How a rugby great is now getting dirty in the SA startup trenches

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Mike Sharman’s mind goes back to October 2019. “Bryan and I had dinner with one of South Africa’s most highly-rated VCs. He planted a seed: ‘(Bryan + 𝑥) x scale = y’.”

To explain quickly, “Bryan” is Bryan Habana, widely regarded as one of the greatest rugby players of all time, and part of the South Africa team that won the 2007 Rugby World Cup.

At that tournament, Habana’s eight tries equalled the single-tournament record set by Jonah Lomu in 1999, and he was named the 2007 IRB Player of the Year. During the 2015 World Cup, he equalled Lomu’s career record of 15 tries in World Cups. He is second place among all time test try scorers, with a total of 67.

Now retired, Habana has taken a relatively unusual post-rugby route, by getting involved in South Africa’s tech startup scene. This isn’t wholly unheard of – a former Springboks captain, Bob Skinstad, is a partner at VC firm Knife Capital – but what is unique about Habana is that he is not heading up a VC firm, or employed as a glorified marketing tool. 

Rather, he is getting his hands dirty and helping to build startups from the ground up, with MatchKit, a DIY website builder that enables athletes or their agents to showcase their sporting pedigree and sponsors, and fintech startup Paymenow, which allows employees responsible early access to their wages.

Sharman, Habana’s co-founder at MatchKit, picks up the story.

“Bryan and I went to school together so we’ve known each other since we were 14. We kept in touch during his professional rugby career and started having formal conversations about a business partnership six months prior to his retirement,” he said.

The result was Retroactive – a sports digital marketing agency and sister to Retroviral, the digital marketing agency Sharman started in 2010. And after the Rugby World Cup 2019, they saw a gap for MatchKit.

“Bryan acts as a chief relationship officer, his personal brand is invaluable to add credibility to our startup’s focus, and he is personally invested in player mental and financial fitness – especially when we engage with athletes at their career peak or twilight,” Sharman said.

Here’s the man himself on why MatchKit is something he is passionate about.

“Having been a professional sportsman and seeing the value and reward that can be created from creating a marketable brand, being involved in MatchKit was extremely intriguing and exciting,” Habana said. 

“I was really baffled how not one of our Rugby World Cup winning Springboks in 2019 didn’t have their own dot com website or domains, and this triggered the need to combine my expertise from being a professional athlete and working with Mike and Ben’s incredible expertise from a marketing and “fan” perspective.”

Habana actually started, but never finished, a BSc IT degree at Rand Afrikaans University (RAU), and says tech has always been an active interest of his.

“It has always intrigued me. I wasn’t sure exactly what I would be doing post-rugby, I am really fortunate to be playing in the entrepreneurial and fintech space,” he said.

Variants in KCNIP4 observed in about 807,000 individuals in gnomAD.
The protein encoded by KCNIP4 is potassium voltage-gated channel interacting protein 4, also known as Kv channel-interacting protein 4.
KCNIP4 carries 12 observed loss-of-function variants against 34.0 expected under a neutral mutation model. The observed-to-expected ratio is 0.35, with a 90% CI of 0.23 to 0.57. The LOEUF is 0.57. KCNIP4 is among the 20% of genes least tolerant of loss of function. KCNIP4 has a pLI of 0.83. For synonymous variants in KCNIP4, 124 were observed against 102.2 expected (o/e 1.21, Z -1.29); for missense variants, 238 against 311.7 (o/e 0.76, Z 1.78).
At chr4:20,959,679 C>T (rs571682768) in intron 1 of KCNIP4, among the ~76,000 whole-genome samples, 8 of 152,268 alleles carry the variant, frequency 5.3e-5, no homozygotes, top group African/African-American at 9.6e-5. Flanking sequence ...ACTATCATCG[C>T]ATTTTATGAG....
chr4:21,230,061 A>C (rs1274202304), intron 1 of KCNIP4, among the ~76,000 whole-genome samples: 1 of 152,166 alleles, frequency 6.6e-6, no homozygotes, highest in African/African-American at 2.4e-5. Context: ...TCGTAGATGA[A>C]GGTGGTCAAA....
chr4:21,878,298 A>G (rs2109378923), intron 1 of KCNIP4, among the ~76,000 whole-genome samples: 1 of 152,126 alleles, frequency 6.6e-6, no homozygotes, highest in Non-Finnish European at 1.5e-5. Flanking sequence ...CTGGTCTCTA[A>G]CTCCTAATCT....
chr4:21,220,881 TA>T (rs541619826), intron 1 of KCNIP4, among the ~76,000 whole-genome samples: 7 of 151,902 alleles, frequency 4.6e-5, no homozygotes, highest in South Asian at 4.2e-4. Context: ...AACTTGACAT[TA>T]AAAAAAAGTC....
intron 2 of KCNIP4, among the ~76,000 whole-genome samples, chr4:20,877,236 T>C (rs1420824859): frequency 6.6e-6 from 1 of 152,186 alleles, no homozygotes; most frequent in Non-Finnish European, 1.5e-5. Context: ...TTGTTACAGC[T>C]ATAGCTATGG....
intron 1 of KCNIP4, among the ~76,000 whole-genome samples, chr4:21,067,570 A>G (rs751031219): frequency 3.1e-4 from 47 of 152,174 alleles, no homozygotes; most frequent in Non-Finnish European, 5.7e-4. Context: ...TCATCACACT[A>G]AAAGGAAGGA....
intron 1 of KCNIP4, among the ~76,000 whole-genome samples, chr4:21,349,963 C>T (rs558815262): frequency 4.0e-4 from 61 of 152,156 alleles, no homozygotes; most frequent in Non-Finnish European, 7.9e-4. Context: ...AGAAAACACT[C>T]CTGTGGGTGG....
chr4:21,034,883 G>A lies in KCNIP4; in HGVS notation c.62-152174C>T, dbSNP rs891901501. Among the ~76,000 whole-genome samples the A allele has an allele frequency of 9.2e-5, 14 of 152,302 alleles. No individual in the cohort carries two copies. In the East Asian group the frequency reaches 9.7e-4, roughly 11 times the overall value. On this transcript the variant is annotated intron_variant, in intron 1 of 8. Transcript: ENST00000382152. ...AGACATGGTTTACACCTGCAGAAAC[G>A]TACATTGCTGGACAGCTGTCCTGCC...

Which brings us to Paymenow, where Habana is head of business development and sales. He explains why the concept is so important, and what value he brings to the team.

“I found the Early Wage Access model to be extremely intriguing due to its disruptive nature while breaking the disconnect between a monthly salary and those living day-to-day. Being able to be a part of a fintech company that is addressing this disconnect but also doing it in a socially responsible way was certainly something that drew me to the sector,” said Habana.

“With Paymenow being somewhat disruptive with regards to the microlending and payday lending environment but also with us being associated with the Catalyst Fund, which is a global NGO whose mandate is financial inclusion, associating myself with Paymenow brings a level of credibility because of my own humanitarian and philanthropic work as well as being able to tap into my network.”

The company’s immediate plans are South Africa-focused, but once it has gained enough momentum in South Africa Habana said Paymenow has continental and even global plans. MatchKit, meanwhile, is working towards a funding round. Global expansion and securing capital may be a far cry from the rugby field, but Habana says there are in fact many similarities between playing rugby and running startups. 

“I think that the main similarity that I experienced is the team work element. Certain individuals bring their strengths to the environment for the startup to be able to succeed. That team work coupled with sacrifice, determination and hard work has been extremely key,” he said.

But does he see himself joining former teammate Skinstad on the other side of the table in future, investing in businesses rather than launching or running them?

“I am really enjoying the rigours, thrill and problem-solving environment that is entrepreneurship and I see myself dedicated to the current entities that I am involved in,” Habana said.

“I am not quite sure if I see myself moving into investing in the near future, but if MatchKit reaches the potential we think that it can and truly becomes a unicorn, I would certainly look into investing into the startup realm.”

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Passionate about the vibrant tech startups scene in Africa, Tom can usually be found sniffing out the continent's most exciting new companies and entrepreneurs, funding rounds and any other developments within the growing ecosystem.

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